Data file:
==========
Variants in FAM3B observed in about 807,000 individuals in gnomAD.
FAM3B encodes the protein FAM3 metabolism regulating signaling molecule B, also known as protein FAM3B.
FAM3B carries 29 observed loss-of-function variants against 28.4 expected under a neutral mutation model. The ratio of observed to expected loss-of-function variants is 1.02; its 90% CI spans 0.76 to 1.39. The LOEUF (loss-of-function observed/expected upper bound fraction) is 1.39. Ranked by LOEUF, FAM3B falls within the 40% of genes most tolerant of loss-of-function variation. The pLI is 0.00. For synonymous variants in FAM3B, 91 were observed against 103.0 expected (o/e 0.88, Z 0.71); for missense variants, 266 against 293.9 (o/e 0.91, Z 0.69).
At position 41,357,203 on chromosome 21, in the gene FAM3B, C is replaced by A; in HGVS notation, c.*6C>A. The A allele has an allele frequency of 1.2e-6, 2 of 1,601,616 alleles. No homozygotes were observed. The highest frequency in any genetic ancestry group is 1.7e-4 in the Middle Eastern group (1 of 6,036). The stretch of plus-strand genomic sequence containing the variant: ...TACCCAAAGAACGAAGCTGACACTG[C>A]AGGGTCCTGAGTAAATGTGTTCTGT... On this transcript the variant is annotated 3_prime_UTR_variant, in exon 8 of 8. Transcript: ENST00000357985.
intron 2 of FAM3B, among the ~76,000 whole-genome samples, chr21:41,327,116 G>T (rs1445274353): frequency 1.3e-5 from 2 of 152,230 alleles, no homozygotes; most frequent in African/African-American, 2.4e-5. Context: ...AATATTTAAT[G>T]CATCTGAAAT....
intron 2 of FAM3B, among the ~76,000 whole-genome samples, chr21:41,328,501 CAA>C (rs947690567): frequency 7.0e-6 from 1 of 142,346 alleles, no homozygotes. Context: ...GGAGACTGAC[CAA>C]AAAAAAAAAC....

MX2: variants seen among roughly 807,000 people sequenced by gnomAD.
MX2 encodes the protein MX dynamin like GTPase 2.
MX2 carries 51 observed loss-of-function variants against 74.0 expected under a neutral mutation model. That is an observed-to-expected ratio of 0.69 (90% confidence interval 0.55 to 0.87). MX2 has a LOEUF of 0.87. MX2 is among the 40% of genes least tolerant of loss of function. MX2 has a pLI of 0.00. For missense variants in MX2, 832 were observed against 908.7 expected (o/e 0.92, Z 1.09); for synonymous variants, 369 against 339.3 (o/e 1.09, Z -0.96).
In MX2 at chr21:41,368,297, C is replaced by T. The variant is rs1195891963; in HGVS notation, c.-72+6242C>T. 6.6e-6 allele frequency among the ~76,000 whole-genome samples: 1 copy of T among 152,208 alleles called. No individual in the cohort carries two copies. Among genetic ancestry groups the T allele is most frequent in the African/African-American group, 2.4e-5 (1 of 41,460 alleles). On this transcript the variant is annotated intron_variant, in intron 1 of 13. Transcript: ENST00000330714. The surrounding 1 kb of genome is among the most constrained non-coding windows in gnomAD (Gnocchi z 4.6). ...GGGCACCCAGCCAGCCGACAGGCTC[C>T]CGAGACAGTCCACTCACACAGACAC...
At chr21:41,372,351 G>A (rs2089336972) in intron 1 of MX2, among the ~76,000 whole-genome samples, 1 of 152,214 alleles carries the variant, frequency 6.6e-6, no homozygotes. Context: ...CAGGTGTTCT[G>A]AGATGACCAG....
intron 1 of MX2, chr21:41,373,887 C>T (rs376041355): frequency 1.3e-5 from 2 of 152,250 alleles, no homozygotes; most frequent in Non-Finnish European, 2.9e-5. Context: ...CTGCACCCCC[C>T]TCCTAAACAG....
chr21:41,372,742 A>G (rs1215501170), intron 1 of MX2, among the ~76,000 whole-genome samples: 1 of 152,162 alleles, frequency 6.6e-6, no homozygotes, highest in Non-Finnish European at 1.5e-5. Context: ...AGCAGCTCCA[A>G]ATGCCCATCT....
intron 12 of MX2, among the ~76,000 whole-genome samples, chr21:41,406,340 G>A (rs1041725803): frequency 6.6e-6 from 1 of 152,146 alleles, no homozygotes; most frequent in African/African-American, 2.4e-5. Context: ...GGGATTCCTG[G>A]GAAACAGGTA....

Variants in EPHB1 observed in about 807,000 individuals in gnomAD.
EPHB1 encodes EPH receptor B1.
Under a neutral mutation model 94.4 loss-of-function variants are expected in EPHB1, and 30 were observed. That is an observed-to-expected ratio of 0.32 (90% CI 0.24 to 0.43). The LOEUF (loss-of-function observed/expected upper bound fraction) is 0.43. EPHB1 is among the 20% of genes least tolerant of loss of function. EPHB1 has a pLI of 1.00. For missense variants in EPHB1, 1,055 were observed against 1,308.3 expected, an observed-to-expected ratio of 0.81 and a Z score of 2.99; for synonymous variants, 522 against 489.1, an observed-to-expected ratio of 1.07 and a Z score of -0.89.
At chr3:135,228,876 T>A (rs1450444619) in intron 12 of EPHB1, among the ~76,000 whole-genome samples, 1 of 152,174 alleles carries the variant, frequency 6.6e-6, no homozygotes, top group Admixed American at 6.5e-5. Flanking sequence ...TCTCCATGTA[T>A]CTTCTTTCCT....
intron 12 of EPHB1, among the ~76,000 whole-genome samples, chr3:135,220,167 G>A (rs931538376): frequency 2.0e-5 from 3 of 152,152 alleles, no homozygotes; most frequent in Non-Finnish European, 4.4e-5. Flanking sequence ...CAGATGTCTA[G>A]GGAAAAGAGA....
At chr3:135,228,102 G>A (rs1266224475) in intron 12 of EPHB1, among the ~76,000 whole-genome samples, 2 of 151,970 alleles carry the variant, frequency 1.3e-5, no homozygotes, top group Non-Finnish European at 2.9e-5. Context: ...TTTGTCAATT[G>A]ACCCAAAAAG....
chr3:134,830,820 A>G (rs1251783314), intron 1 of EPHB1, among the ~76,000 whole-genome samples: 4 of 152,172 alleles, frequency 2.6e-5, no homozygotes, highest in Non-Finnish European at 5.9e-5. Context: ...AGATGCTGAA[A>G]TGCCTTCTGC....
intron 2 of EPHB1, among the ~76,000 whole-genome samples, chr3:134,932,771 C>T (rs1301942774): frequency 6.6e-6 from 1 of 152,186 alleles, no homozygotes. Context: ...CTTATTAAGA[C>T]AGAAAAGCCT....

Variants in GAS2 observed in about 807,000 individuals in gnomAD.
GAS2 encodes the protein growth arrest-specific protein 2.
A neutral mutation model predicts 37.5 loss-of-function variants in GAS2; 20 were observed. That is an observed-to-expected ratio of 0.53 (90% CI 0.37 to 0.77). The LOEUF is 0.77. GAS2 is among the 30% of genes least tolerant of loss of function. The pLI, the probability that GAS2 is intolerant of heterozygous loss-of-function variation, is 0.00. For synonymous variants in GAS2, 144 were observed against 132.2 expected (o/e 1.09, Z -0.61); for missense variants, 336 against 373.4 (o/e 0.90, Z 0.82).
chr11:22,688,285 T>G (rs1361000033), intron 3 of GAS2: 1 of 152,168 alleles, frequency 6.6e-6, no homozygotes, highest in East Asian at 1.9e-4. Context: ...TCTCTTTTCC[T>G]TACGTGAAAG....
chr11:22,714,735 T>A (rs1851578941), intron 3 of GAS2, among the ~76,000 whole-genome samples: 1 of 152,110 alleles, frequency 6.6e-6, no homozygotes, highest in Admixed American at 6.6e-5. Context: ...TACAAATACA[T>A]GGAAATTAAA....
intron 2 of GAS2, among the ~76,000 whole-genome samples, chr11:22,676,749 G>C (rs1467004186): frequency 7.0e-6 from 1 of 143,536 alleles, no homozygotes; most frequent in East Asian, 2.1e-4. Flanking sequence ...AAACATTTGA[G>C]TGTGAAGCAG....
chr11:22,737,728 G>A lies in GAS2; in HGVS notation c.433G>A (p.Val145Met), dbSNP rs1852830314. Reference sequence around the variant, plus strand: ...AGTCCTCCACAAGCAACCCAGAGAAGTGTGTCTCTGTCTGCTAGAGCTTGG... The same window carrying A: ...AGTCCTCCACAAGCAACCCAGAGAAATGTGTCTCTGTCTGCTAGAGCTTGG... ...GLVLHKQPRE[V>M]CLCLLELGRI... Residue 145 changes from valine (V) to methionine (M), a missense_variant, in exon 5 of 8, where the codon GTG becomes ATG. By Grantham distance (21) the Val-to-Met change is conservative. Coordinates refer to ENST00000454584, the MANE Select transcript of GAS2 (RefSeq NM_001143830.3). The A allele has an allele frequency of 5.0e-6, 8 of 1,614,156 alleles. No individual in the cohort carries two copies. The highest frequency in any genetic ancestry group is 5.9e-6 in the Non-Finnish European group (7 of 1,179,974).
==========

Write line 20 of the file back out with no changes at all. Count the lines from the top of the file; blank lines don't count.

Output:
At chr3:135,228,102 G>A (rs1266224475) in intron 12 of EPHB1, among the ~76,000 whole-genome samples, 2 of 151,970 alleles carry the variant, frequency 1.3e-5, no homozygotes, top group Non-Finnish European at 2.9e-5. Context: ...TTTGTCAATT[G>A]ACCCAAAAAG....